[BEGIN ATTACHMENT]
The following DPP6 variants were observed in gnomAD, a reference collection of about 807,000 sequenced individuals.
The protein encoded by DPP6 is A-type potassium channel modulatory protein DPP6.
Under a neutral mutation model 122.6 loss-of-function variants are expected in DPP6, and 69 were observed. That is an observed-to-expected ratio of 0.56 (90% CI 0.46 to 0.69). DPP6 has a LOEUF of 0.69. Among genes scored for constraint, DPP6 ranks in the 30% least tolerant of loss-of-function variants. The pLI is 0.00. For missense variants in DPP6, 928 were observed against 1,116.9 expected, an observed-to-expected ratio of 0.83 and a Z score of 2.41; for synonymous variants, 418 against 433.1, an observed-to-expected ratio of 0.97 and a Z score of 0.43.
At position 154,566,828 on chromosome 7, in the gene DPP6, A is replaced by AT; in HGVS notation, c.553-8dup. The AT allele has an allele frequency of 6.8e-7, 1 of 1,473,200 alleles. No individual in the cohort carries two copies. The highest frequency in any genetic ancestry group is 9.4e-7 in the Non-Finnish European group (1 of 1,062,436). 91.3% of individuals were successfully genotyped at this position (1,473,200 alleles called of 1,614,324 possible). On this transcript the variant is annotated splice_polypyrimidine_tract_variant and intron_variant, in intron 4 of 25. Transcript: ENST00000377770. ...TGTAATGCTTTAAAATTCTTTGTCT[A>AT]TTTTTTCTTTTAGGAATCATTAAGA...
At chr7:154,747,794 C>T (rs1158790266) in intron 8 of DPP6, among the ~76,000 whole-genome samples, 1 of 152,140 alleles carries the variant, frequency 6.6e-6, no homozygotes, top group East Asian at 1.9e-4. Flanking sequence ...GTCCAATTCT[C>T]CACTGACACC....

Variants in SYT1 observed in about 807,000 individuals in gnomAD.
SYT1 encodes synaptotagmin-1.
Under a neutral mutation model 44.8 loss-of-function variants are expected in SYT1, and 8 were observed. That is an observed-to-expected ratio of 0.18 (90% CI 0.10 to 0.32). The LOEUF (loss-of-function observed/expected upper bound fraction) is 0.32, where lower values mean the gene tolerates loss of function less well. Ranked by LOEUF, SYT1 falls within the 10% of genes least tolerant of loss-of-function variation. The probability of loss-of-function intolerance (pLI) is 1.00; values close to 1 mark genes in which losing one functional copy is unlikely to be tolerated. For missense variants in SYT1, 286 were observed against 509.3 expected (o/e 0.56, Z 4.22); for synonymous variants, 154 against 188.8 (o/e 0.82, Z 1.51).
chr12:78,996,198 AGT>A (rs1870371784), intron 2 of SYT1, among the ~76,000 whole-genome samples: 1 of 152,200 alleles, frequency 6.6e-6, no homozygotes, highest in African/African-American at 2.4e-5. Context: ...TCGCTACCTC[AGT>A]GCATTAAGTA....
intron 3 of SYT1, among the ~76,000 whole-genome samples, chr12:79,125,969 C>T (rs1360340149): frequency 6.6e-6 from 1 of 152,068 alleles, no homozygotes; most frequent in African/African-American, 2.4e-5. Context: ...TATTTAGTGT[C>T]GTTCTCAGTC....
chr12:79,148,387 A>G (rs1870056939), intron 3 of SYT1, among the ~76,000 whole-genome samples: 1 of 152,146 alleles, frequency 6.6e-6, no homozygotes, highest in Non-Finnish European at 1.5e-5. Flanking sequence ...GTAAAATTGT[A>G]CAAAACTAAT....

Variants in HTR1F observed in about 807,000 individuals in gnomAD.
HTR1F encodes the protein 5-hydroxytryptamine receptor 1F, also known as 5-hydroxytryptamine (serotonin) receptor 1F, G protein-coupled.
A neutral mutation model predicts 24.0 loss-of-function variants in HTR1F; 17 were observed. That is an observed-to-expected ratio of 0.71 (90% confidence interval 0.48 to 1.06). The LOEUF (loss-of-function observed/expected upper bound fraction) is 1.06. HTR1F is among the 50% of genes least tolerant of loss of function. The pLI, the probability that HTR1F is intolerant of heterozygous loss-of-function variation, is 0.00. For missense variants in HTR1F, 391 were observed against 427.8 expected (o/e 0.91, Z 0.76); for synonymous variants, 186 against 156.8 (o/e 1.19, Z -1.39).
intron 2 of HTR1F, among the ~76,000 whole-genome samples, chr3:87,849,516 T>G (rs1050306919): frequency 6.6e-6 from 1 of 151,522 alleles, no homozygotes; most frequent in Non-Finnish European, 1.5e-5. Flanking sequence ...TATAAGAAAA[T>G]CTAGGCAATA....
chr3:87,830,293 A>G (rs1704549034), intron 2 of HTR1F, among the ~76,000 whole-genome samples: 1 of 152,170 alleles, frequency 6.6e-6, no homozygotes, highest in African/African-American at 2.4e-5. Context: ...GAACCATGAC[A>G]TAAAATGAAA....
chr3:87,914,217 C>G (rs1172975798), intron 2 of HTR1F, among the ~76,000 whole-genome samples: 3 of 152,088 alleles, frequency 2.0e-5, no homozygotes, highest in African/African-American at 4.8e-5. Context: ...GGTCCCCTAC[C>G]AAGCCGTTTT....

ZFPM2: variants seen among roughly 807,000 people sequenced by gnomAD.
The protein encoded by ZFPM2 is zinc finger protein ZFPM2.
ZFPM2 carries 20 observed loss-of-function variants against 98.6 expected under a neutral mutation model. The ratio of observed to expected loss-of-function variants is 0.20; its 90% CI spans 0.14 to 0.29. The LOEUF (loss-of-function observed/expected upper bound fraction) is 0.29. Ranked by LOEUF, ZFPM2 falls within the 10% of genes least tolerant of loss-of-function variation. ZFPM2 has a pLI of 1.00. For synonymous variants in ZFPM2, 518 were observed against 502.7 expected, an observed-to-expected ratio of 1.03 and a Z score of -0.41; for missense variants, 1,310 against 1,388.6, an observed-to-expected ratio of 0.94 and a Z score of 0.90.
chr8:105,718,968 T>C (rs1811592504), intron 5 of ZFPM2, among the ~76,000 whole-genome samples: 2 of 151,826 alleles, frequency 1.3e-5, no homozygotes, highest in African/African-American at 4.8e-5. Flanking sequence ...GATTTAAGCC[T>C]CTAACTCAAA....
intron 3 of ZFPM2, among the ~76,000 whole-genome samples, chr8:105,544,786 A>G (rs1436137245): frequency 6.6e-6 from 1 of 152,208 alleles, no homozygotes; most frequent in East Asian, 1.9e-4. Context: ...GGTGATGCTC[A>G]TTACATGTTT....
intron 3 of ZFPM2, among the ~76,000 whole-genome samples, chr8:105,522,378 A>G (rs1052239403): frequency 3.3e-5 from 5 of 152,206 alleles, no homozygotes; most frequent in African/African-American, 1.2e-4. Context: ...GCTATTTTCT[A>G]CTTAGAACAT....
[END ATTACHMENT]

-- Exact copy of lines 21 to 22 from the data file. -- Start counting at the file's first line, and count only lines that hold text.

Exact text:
chr8:105,718,968 T>C (rs1811592504), intron 5 of ZFPM2, among the ~76,000 whole-genome samples: 2 of 151,826 alleles, frequency 1.3e-5, no homozygotes, highest in African/African-American at 4.8e-5. Flanking sequence ...GATTTAAGCC[T>C]CTAACTCAAA....
intron 3 of ZFPM2, among the ~76,000 whole-genome samples, chr8:105,544,786 A>G (rs1436137245): frequency 6.6e-6 from 1 of 152,208 alleles, no homozygotes; most frequent in East Asian, 1.9e-4. Context: ...GGTGATGCTC[A>G]TTACATGTTT....